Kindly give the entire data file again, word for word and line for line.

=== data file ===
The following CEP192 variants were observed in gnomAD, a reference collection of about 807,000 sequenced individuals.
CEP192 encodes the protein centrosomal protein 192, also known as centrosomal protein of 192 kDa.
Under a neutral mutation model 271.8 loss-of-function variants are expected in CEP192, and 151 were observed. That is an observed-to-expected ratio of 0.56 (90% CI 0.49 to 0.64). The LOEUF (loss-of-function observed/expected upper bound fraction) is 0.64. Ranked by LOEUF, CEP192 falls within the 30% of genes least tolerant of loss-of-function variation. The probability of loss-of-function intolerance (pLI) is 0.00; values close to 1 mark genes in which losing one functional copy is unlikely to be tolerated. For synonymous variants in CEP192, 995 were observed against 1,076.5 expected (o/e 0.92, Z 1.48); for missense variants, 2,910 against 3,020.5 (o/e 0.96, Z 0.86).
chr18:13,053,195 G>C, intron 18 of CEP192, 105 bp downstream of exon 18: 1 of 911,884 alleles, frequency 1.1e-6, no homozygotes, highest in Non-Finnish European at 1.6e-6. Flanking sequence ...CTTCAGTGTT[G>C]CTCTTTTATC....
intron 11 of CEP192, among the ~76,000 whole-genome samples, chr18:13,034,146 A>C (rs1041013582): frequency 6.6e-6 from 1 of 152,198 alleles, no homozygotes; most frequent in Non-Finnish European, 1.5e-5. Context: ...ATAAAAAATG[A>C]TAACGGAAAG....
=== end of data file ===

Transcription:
The following CEP192 variants were observed in gnomAD, a reference collection of about 807,000 sequenced individuals.
CEP192 encodes the protein centrosomal protein 192, also known as centrosomal protein of 192 kDa.
Under a neutral mutation model 271.8 loss-of-function variants are expected in CEP192, and 151 were observed. That is an observed-to-expected ratio of 0.56 (90% CI 0.49 to 0.64). The LOEUF (loss-of-function observed/expected upper bound fraction) is 0.64. Ranked by LOEUF, CEP192 falls within the 30% of genes least tolerant of loss-of-function variation. The probability of loss-of-function intolerance (pLI) is 0.00; values close to 1 mark genes in which losing one functional copy is unlikely to be tolerated. For synonymous variants in CEP192, 995 were observed against 1,076.5 expected (o/e 0.92, Z 1.48); for missense variants, 2,910 against 3,020.5 (o/e 0.96, Z 0.86).
chr18:13,053,195 G>C, intron 18 of CEP192, 105 bp downstream of exon 18: 1 of 911,884 alleles, frequency 1.1e-6, no homozygotes, highest in Non-Finnish European at 1.6e-6. Flanking sequence ...CTTCAGTGTT[G>C]CTCTTTTATC....
intron 11 of CEP192, among the ~76,000 whole-genome samples, chr18:13,034,146 A>C (rs1041013582): frequency 6.6e-6 from 1 of 152,198 alleles, no homozygotes; most frequent in Non-Finnish European, 1.5e-5. Context: ...ATAAAAAATG[A>C]TAACGGAAAG....